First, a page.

Environmental, social and governance (ESG) issues are in sharp focus with Rio Tinto’s board examining the company’s destruction of a 46,000-year-old aboriginal heritage site in WA.

Rio Tinto’s (ASX:RIO) case is highlighted in a report from S&P Global ‘The Growing Importance of ESG in the Resources Sector’ which said global investor scrutiny of ESG risks is increasing amid rising awareness of cultural issues.

Investor groups have campaigned for Rio Tinto to explain how the 46,000-year-old Juukan Gorge rock shelters in WA came to be destroyed at its Brockman 4 minesite in May.

“Investor activism on ESG issues is increasingly strident. We expect ESG risks to become more pertinent for mining companies as they implement their projects,” said the report’s author Paul Bartholomew, S&P Global Platts’ Asia-Pacific head of metals news and insight.

ESG issues may not always be clear-cut, and the Rio Tinto event highlights the fact that social risk factors go beyond legal obligations, said the report.


Stakeholder satisfaction

Any company looking to develop a new project or expand an existing one will need to ensure all stakeholders are satisfied above and beyond government legislation, it said.

“Rightly or wrongly, the investor will be concerned about how things ‘look’ to the wider market and community,” said the report.

S&P Global Ratings, the credit rating unit of S&P Global, said it is taking ESG issues into account as part of its underlying corporate ratings criteria and they can affect the unit’s opinion of the creditworthiness of a corporate entity.

“ESG factors may have a positive or negative influence on an entity’s credit quality when compared with sector peers or the broader resources sector,” said report co-author S&P Global Ratings credit analyst, Minh Hoang.


ESG issues important for investor groups

Super fund HESTA and the Church of England’s pension fund have called for answers from Rio Tinto on the Juukan Gorge issue. ESG fund managers are attracting more investor interest.

Rio Tinto said in a statement on its website it “deeply regrets” the events at Juukan Gorge and has apologised to the Puutu Kunti Kurrama and Pinikura people, the custodians of the heritage site.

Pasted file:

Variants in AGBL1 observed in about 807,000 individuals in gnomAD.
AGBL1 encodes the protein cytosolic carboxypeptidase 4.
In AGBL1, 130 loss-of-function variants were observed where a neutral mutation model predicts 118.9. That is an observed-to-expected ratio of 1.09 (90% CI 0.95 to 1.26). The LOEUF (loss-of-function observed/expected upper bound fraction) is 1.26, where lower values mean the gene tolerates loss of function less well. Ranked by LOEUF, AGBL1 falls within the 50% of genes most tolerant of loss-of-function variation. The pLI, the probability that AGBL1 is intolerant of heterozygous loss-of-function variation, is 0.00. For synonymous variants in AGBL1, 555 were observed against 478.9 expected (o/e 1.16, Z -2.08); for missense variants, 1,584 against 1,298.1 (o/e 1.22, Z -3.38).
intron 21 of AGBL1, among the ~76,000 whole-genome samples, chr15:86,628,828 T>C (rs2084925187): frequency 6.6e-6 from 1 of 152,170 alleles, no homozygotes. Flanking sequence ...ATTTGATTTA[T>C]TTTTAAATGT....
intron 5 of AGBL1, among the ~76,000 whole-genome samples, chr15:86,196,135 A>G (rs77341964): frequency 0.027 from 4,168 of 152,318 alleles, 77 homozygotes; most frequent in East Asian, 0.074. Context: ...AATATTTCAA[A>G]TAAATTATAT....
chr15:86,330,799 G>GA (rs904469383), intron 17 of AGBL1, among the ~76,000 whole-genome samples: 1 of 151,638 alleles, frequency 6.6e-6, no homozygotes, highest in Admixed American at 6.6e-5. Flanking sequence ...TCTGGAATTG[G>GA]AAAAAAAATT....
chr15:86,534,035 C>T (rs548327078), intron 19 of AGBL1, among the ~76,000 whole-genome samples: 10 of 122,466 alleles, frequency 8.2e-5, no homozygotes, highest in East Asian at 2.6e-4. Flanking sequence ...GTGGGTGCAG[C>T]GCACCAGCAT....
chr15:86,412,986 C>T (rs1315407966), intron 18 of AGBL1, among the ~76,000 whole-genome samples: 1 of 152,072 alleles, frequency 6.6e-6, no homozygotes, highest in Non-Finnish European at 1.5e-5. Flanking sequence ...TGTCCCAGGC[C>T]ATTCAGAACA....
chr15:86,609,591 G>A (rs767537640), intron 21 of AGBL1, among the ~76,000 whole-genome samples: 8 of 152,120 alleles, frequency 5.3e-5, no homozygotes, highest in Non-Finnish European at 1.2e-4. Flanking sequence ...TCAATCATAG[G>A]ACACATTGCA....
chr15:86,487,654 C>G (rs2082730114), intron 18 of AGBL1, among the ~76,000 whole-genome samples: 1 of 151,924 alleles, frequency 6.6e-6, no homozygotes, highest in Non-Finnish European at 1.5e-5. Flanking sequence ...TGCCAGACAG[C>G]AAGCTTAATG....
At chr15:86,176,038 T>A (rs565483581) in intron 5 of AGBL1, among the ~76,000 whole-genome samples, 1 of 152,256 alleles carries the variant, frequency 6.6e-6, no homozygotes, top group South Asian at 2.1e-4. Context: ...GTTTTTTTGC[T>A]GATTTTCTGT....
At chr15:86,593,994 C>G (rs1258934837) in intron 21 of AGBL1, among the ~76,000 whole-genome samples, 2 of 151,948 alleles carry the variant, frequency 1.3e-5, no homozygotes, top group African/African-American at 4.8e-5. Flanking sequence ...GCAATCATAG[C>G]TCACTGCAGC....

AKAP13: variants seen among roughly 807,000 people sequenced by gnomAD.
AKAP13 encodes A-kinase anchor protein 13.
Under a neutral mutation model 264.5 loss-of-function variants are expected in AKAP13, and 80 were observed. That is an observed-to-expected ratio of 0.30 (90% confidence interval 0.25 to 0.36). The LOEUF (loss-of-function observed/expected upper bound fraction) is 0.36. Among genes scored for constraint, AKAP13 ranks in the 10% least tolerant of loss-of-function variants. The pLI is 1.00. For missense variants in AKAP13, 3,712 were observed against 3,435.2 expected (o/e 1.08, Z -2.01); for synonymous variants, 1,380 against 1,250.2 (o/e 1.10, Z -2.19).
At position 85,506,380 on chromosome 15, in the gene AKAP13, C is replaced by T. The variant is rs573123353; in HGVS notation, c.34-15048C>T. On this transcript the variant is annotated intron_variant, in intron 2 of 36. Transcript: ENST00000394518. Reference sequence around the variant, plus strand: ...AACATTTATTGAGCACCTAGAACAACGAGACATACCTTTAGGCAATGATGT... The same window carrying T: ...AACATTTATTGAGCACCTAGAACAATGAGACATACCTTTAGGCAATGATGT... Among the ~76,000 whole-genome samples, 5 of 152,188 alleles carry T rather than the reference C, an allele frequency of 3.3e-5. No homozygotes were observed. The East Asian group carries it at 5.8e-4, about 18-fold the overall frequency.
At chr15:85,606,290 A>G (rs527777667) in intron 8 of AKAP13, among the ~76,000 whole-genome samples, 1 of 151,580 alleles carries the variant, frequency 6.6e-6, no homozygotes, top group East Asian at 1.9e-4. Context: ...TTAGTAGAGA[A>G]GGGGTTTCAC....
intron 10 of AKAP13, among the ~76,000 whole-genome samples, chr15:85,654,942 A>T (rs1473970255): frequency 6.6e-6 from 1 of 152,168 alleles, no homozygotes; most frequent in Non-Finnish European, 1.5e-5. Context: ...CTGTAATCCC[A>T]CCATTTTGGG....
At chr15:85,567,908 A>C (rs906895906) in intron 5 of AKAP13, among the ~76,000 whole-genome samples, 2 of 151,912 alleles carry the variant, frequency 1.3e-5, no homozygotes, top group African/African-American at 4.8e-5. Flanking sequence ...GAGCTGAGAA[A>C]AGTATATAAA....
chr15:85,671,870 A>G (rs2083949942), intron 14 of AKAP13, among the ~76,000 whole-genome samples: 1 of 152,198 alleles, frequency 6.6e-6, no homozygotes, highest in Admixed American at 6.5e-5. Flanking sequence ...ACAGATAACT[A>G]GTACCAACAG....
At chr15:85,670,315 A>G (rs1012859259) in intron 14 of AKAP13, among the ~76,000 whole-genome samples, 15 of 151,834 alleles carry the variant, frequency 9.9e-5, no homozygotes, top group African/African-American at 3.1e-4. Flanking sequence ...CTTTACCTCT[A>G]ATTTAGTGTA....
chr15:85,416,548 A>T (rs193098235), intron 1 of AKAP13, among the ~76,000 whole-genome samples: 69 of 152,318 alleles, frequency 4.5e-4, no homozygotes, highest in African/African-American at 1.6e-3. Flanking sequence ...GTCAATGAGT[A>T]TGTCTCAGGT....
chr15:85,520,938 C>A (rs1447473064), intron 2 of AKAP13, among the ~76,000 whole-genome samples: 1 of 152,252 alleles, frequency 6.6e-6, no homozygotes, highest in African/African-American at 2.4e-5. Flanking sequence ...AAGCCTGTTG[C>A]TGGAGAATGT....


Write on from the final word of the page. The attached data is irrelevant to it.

“The destruction of the rockshelters should not have happened, and we are absolutely committed to listening, learning and changing,” said Rio Tinto.

The company said it is taking steps to strengthen its cultural heritage governance, controls and approvals processes in its iron ore business.

Fellow iron ore miners, BHP (ASX:BHP) and Fortescue Metals Group (ASX:FMG) have either put on hold or are reviewing plans to mine in areas containing aboriginal heritage sites in the Pilbara region of WA, said the report.


Oil and mining companies consider ESG in investment plans

Other resources companies have come under investors’ magnifying glass for ESG risks.

Thermal coal producers were the subject of discussion earlier this year when BlackRock said it will taper its investment in the sector because of environmental regulations.

Oil majors BP and Shell have set targets for their carbon emissions in response to investors’ calls, and Woodside (ASX:WPL) and Santos (ASX:STO) have expressed similar sentiment, said the report.

But S&P Global warned in its report that implementing wider consultation processes for resources projects could mean projects take longer to develop.